The Madison Country Day School Music Department strives to provide a comprehensive music education for each child, promoting a balance of discipline, creativity, and aesthetic understanding.

When starting middle school in fifth grade, students choose an instrument (piano, voice, violin, viola, cello, bass, trumpet, trombone, french horn, oboe, clarinet, saxophone, flute, or percussion). Beginning in fifth grade, and throughout middle school, students receive  private or semi-private music lessons on their instrument. These lessons occur during the school day and are included in tuition. All fifth grade students participate in a combined fifth and sixth grade ensemble (band, choir, or orchestra) determined by their instrument. These young musicians perform in a Winter and Spring concert and can also participate in two recitals each year. Depending on their ensemble, students have other performance opportunities, both on and off campus. Fifth and sixth grade students receive designated instruction time in music theory during their ensembles. Units include major vs. minor tonality, rhythm/meter, and scale construction/key signatures. A major highlight is the annual composition unit. MCDS music students grades 5-12 are given an account with Noteflight, a web-based notation software, which they use for composition as well as music assessments.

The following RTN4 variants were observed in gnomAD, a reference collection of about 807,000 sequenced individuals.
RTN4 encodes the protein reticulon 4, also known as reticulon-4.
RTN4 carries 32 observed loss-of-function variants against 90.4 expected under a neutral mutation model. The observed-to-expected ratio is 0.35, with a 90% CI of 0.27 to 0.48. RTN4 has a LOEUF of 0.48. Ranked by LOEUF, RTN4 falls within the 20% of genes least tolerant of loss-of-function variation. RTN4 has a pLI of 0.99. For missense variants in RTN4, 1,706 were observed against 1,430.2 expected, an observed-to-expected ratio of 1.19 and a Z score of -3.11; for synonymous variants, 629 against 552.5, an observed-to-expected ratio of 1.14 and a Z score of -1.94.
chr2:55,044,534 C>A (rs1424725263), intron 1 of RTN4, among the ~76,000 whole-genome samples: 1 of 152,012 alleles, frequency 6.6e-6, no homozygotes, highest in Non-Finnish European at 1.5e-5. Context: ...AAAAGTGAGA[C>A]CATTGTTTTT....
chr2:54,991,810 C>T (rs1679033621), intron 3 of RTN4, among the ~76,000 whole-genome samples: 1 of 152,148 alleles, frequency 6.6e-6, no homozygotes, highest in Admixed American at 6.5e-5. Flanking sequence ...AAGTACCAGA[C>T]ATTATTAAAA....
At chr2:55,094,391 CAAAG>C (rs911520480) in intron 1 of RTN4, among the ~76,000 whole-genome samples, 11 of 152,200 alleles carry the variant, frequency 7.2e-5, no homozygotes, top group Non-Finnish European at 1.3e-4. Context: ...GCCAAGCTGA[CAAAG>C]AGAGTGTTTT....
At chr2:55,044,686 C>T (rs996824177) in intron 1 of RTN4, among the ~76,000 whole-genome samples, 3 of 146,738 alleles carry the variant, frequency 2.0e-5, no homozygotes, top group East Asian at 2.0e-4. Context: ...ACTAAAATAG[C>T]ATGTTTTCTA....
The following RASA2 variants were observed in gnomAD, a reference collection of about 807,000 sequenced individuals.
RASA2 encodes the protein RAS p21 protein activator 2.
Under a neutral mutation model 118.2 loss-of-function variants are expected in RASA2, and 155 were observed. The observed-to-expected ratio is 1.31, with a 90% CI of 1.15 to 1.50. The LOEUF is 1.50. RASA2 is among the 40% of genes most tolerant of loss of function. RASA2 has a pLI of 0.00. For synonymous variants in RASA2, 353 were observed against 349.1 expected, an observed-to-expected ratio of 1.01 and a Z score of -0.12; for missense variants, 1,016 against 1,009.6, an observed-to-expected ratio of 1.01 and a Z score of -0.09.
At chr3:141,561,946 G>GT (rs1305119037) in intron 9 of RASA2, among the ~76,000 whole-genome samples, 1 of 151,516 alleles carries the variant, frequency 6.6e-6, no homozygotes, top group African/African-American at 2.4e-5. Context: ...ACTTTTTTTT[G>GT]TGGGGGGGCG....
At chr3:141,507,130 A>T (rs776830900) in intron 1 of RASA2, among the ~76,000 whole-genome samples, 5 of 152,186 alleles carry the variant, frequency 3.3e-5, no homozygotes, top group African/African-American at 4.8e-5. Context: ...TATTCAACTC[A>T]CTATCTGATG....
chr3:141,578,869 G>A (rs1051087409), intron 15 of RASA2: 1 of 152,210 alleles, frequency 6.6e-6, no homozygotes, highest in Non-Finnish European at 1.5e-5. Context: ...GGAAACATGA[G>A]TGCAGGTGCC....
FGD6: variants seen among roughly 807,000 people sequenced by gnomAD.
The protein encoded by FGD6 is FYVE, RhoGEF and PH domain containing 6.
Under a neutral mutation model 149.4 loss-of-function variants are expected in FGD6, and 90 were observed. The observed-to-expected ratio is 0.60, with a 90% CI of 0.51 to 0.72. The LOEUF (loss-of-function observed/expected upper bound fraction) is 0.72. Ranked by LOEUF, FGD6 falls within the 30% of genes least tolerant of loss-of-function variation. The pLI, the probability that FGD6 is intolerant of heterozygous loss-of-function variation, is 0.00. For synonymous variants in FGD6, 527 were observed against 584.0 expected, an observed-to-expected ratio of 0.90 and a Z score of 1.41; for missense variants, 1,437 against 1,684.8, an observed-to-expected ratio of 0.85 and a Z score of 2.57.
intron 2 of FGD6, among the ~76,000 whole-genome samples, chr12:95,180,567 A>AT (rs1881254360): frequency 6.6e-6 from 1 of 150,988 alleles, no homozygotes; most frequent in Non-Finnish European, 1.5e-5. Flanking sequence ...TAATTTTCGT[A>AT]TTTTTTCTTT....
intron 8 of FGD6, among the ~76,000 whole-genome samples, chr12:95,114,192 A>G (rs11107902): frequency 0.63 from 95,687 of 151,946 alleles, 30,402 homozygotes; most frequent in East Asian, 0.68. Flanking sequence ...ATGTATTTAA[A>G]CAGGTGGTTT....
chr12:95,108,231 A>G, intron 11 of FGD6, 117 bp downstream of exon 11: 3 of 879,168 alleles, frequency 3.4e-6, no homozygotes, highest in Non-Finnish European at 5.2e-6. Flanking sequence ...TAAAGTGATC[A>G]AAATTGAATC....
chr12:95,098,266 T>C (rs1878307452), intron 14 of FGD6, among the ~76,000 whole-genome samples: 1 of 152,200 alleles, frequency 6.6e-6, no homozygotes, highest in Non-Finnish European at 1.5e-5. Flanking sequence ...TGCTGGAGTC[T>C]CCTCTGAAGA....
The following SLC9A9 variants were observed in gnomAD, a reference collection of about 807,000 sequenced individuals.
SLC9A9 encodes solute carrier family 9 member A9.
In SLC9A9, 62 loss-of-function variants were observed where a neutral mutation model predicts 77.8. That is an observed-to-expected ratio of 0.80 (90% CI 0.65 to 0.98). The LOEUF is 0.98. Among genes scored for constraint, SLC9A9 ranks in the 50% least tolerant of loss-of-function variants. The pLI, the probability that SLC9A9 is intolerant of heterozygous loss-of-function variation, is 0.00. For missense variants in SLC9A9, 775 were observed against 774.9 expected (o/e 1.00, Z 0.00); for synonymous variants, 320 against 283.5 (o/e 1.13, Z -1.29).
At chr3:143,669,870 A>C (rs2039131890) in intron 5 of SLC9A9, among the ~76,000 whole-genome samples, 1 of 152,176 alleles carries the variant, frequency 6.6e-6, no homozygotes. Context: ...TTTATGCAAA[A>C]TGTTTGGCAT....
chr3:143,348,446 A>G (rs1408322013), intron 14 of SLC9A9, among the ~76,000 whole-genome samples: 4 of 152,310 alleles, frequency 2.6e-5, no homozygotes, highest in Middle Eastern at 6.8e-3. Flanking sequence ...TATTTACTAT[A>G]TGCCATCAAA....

This course consists primarily of studio work, creating 2D and 3D artworks, with an emphasis on learning materials and techniques. The history of art and how to discuss it plays a role in the class as students are encouraged to reflect on their own and others’ artwork. While reviewing the elements and principles of art, students also receive assignments that focus on problem solving and open-ended creative thinking. Projects for this year include creating an all-over surface print, designing a book cover, a mixed media painting, and a ceramics unit that details different methods of construction. 

Physical Education

Fitness activities and sport related skill practices build proficiency and teach strategy. Units include soccer, nitro ball (volleyball skills), paddling, tennis, kickball, badminton, basketball, rugby, golf, fitness, softball, bowling, track and field, running, gymnastics, dance, skiing, and disc golf. Students develop the confidence and motivation to participate in organized and individual physical activities where they learn leadership, teamwork, and good sportsmanship. Health education is integrated within the physical education curriculum. The program emphasizes lifelong fitness. School-sponsored sports include soccer, girls’ volleyball, basketball, spirit squad, track and field, cross country, tennis, ultimate frisbee, and crew.